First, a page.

1. ThereIsMoreToThisStory

        I will come out of the shadows soon but trust me, my story will get every smart woman in America to boycott this company. I have an attorney and once the lawsuit is underway I can start telling my story. Right now we are in a wait and see stance with the Home Office. Be patient and I will tell all when the timing is right. Just know Miss Bottlesoup has our backs and the Jambots need to stop with their rude comments, because she is just looking out for all women in general. Her blogs have me fighting for what is right. I thank her for her frankness and her honesty. She has been a blessing, not a fake blessing that is Jamberry’s motto. Jamberry is not a Blessing, it is a Curse.

         
  8. JustSayHellNO

    I am beginning a Class Action Lawsuit against this company. All those who have had their nails ruined by this product say “I” or were mislead in their false advertising about receiving a $25 rebate for Consultants that signed up in February. The company is only providing rebates to those that complete their Fast Starts which wasn’t disclosed until after you signed up and entered the dashboard and clicked through the links. It was under the Incentive trip no less where I discovered the ultra fine print about the $25 February sign up rebate. The whole thing is a SCAM to the highest degree. Do NOT be fooled or mislead. And the only people who buy and wear these Nailwraps are the Consultants. I hate to tell you this but most women would not be caught dead wearing these “ugly nail stickers”. Think I am joking… Go check out the mommy threads… That is if you really want to know what people are saying behind your back.

     
  9. Melissa Martina Burris

    I am not involved with Jamberry but I know some who are. If someone enjoys selling them, that’s fine but what I found odd was their clear tactic of trying to make others jealous of what they do. I see post after post of group selfies, with hastags such as #becauseofjamberry #areyougoingtowatchorjoin, along with photos of people holding things with their nail wraps in clear view. They also heap compliments on each other, which may look empowering at first, but often seems over the top. Another marketing ploy, perhaps? Consultants who are successful earn trips around the country which is appealing, but again, a jealousy tactic is used by having them all post a facebook cover photo saying things such as “Out of Office– In Maui because of Jamberry”.
    It just seems shallow and materialistic when you think of the overall picture, and searched the internet wondering if I was the only one who thought this, lol.

     
    1. Jane

      That tactic is classic MLM procedure. Jamberry is not unique in that respect. I know some people who are high up in a nutritional MLM, and the hashtags and photos from events are overwhelming. I cringed when I saw these the other day: #makealife, #watchusorjoinus, #missiondriven, #peoplechanginglives. This was not Jamberry, so obviously they all use the same ones. The worst was the last one IMO. I just can’t imagine presenting the selling a product, even a health product, in such a self-important way.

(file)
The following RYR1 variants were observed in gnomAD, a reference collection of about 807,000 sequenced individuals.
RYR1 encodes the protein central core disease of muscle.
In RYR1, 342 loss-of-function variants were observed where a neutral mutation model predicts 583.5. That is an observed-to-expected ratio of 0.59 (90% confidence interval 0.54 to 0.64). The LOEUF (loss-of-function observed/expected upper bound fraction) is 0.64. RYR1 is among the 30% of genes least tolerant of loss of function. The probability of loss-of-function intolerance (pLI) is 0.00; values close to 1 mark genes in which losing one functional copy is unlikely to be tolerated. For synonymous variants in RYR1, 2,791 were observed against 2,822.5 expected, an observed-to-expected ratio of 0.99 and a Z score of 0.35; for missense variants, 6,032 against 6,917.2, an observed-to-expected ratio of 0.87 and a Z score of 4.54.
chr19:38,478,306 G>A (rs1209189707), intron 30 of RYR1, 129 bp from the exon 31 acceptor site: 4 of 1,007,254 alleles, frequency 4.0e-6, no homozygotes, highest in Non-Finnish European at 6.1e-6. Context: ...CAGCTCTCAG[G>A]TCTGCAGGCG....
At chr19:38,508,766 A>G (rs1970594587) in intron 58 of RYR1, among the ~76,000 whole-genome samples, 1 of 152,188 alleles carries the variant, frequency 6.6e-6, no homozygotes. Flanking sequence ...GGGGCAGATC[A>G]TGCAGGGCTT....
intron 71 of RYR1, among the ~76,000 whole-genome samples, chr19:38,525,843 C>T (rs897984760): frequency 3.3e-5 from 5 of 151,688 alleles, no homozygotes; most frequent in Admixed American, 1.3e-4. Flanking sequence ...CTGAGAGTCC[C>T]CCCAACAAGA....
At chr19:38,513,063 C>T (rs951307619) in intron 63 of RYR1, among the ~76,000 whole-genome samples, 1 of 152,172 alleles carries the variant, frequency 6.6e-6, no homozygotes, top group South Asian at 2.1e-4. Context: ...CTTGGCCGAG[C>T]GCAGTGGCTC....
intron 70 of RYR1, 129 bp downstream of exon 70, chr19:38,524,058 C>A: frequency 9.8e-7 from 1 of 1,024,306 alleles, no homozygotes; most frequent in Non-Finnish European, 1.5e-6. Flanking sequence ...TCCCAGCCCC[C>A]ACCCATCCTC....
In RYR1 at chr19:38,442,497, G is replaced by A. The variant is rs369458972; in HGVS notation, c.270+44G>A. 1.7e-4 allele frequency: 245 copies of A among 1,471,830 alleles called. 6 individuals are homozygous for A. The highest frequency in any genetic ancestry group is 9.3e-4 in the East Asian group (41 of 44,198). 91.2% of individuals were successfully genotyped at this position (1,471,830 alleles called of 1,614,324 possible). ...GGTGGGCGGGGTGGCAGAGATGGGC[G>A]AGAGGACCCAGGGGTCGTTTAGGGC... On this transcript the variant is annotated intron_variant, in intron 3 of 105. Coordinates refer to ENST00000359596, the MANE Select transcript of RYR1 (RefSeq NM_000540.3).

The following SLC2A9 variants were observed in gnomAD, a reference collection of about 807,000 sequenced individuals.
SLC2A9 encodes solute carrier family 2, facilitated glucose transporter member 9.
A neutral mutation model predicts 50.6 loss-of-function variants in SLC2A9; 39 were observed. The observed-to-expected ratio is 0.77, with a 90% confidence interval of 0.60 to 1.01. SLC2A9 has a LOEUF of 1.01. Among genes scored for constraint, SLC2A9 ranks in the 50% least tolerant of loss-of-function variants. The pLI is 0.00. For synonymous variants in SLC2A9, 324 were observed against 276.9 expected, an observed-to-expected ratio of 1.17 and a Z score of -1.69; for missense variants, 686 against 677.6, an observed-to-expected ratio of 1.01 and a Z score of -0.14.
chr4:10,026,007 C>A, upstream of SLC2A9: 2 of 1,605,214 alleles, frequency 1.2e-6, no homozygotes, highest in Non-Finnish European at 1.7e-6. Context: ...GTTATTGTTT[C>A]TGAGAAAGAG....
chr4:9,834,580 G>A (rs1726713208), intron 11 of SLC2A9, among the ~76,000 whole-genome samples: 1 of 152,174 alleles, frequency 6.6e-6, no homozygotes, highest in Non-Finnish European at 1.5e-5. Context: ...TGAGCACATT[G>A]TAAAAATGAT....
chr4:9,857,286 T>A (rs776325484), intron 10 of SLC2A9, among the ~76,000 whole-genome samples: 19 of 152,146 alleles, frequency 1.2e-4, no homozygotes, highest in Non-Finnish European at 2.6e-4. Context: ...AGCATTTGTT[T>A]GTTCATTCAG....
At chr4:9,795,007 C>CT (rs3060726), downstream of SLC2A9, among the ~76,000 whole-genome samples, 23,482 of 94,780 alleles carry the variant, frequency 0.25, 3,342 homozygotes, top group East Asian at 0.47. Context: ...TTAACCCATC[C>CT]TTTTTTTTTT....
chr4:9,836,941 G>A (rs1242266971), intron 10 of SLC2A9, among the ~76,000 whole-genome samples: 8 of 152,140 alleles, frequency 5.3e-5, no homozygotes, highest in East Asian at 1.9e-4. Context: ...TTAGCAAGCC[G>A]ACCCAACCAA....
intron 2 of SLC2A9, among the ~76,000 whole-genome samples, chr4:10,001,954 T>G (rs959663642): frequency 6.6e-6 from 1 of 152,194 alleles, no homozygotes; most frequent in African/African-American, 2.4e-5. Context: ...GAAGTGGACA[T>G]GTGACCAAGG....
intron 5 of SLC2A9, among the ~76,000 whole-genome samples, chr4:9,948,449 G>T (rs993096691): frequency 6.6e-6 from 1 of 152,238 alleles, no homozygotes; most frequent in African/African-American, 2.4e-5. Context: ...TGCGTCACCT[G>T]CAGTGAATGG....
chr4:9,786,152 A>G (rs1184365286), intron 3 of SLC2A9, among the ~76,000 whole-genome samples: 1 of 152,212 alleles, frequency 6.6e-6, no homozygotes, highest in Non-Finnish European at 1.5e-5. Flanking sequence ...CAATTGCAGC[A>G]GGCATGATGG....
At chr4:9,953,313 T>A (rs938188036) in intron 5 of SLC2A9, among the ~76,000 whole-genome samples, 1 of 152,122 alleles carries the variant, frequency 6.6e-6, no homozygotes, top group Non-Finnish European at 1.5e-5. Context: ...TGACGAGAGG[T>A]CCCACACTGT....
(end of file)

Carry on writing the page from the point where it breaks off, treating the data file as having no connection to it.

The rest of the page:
10. Pingback: 6 Things to Know Before Becoming a Jamberry Consultant | BOTTLESOUP

  11. JamberryistheNewBEC

    Lol…yes my Team Manager changed her cover photo on Facebook to say “Because of Jamberry we are going to Hawaii” and then preceded to post photo after photo of all the fun she was having due to making Jamberry lots of money. It’s probably a jealousy tactic but I also think it’s a physchological tactic too. It makes the Consultants who have a hard time selling or building a team that they are doing something wrong and then they feel shitty about themselves and are likely to buy more products themself to gain acceptance. The ladies at the top of Jamberry are not your friends and will only pat you on the back when you are selling or producing for them. My Team Manager for instance would post images saying “Yay! Team Active!” Which means to be active you have to have a minimum of $200 PRV personal retail volume. It’s like yay! We are winners because we are selling and more often than not buying the products ourselves…the other team members are losers because you failed to bring in $200 in sales. They play us off each other and if you ever fall out of the group because of a question you ask…do you think your Jamsisters will come to your defense? No, they trample on you and make you believe you did something wrong because you questioned something that seemed odd and out of place. Like why are we being charged a $3.00 service fee to use the company commission paid-out debit cards? Isn’t that illegal as hell? I was kicked out of the group for asking questions like this one and was even told to seek answers privately on my own through the dashboard or to message my Sponsor but to not ask questions such as that on our private group page because it is discouraging to other Team Members. Whatever! Talk to the hand of my attorney now!

     
  12. Isabel

    I just wanted to say thank you for your transparancy and willingness to share information so openly. I have been looking for a link to something that I can work from home with, and I am looking through the links you suggested for an opportunity to supplement our family income. Thank you so much.